ST. GEORGE — Washington County schools celebrated one last graduation ceremony last Monday evening, albeit with a slightly older graduating class that stuck around long past their high school years.
At a special meeting of the Washington County School District Board of Education, the district celebrated the retirement of 69 employees. All told, the retirees combined for 1,443 years of work experience, with three employees concluding careers of 40-plus years.
Superintendent Larry Bergeson addressed the educators, administrators and other district employees in attendance and expressed his thanks to all those in this year’s class of retirees.
“Whether it’s 40 or whether it’s 10 or 15 years of service, this doesn’t do justice for what you’ve done for our students,” Bergeson said. “I’m just so grateful, and we are so grateful – as a school district and as a school board. You’ve worked for our students, and you’ve done a world of good.”
The entire list of retirees was read aloud while family members, friends and community members in attendance clapped and cheered. Children – and grandchildren – of some retirees sat beside their loved ones and congratulated them when their names were read.
Board members stood to shake hands with and embrace the retirees. As they moved down the row of board members, the retirees were ultimately given a number of items as a token of appreciation.
“We like to celebrate our retirees every year,” said Steven Dunham, district communications director. “Each retiree received a certificate of completion, a bell and a small gift for their years of service, which in this case was a giant minky blanket.”
Not all of the district employees recognized on Monday were lifelong educators in the district. Some had taken up jobs locally after working for other districts or state agencies, but everyone involved had made important contributions in their time here, said Amy Barton, president of the Washington County Education Association.
“The experience and expertise that these veteran teachers have is so significant,” Barton said. “Not only their students, but also their fellow colleagues have benefitted from their wisdom. Their legacy will live on, but for now they have absolutely earned their retirement and some time to enjoy life.”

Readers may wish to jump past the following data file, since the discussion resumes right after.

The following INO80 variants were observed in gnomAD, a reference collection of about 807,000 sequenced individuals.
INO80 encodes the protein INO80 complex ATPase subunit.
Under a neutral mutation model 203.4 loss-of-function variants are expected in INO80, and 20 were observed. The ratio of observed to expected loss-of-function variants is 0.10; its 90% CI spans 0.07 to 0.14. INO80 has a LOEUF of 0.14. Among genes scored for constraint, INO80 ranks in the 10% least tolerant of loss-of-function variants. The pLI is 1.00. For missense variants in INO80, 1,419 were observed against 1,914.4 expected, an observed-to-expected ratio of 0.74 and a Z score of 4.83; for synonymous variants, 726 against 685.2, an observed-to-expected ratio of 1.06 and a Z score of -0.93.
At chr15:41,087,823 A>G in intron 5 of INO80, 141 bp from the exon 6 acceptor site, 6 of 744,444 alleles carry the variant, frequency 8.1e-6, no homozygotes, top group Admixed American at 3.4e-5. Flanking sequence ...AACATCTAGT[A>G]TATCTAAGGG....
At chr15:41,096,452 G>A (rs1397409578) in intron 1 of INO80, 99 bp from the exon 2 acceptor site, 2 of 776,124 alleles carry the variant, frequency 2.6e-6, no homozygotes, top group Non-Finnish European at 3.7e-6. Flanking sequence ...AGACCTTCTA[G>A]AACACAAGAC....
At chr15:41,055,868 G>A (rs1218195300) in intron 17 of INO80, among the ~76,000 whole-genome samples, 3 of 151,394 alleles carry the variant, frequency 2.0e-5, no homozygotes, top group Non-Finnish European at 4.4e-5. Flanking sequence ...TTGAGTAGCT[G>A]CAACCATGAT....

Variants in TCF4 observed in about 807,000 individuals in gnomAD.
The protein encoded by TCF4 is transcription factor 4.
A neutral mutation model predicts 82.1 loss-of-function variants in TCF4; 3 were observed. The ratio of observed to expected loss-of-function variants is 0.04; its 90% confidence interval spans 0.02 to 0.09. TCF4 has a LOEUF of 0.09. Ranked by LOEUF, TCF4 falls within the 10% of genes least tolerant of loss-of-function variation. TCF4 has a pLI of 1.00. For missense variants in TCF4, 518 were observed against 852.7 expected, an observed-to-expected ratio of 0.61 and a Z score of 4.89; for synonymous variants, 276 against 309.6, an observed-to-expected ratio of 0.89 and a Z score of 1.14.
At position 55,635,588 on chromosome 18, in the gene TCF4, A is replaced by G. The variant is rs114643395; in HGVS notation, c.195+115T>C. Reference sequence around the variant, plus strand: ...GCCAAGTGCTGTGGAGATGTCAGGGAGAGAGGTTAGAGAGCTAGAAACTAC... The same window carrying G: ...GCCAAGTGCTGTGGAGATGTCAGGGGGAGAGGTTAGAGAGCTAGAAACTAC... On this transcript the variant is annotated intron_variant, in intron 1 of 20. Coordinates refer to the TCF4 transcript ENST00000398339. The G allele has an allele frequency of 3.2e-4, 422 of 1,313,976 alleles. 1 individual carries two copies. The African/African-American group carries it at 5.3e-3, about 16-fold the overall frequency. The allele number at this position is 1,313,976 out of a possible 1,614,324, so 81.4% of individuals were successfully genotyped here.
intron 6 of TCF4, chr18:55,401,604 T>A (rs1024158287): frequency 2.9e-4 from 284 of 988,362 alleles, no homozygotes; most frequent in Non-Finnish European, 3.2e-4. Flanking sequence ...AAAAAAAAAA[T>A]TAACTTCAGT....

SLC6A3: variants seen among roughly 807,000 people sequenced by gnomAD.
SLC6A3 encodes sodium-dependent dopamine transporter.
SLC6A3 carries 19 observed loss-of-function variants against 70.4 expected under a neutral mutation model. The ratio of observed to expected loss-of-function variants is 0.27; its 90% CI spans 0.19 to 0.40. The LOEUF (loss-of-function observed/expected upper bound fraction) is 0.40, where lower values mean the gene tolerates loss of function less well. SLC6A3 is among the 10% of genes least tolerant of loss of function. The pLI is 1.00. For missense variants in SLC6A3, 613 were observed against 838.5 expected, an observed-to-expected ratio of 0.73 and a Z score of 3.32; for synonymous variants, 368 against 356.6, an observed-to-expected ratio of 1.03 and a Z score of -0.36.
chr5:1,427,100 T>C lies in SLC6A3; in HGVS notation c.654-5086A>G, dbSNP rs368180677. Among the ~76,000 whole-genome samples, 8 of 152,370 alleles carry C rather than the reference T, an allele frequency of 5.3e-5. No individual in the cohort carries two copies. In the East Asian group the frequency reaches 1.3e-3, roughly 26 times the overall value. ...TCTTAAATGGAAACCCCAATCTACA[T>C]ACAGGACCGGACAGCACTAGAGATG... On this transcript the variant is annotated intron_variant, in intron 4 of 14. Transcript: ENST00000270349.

Nadine Hancey retired this year after 42 years in the Washington County School District. Most recently, Hancey served as the principal at Santa Clara Elementary, but she also worked as a teacher, reading specialist and learning coach. Of her long career in education, Hancey said:
Just being around the kids keeps you young: you laugh a lot, they’re fun to be around and you are important to them. Everyday you go to work and it means something, whether you’re in the classroom or administration. The other part is, I have some very dear friends I’ve made all across the district. I even have people I met in 1979 that are still my friends and reach out to me through cards and texts. I couldn’t have asked for a better career than being with kids and my colleagues in education.
Lawrence Esplin was also among the 2021 retirees. He started his career at Dixie High School in 1981, then worked at Pine View Middle School and Snow Canyon Middle School before taking an administrative role with the district.
“Things have changed a lot in the last 40 years,” Esplin said. “When I first started, there were three high schools, and I literally knew everyone in the district. It was hard to put an end to it, but it’s time: I’m old.”
One of the best parts of teaching is seeing your former students as successful adults, Esplin said. In addition to now working with an alumnus of his very first high school history class, Esplin said he knows his grandchildren’s teachers as former students of his.
Both Hancey and Esplin said that St. George is their home, and neither plans to relocate anytime soon. They said they’re looking forward to spending time with their respective families and taking opportunities for travel as much as they can.
In past years, the recognition for retirees was held before graduation, but Dunham said the ceremony was postponed to allow for a larger, more social gathering once COVID-19 restrictions were lifted. While the experience and talents of the retirees will be missed, they’ve all earned a much-needed respite, he said.
“The exciting thing is they’re doing this for a good reason. They want to be able to move on with their lives and enjoy some time for themselves,” Dunham said. “I noticed some couples that were retiring together, and I thought, ‘Man, what a perfect way to end it. Now you can both go out and do the things you want to do.’”
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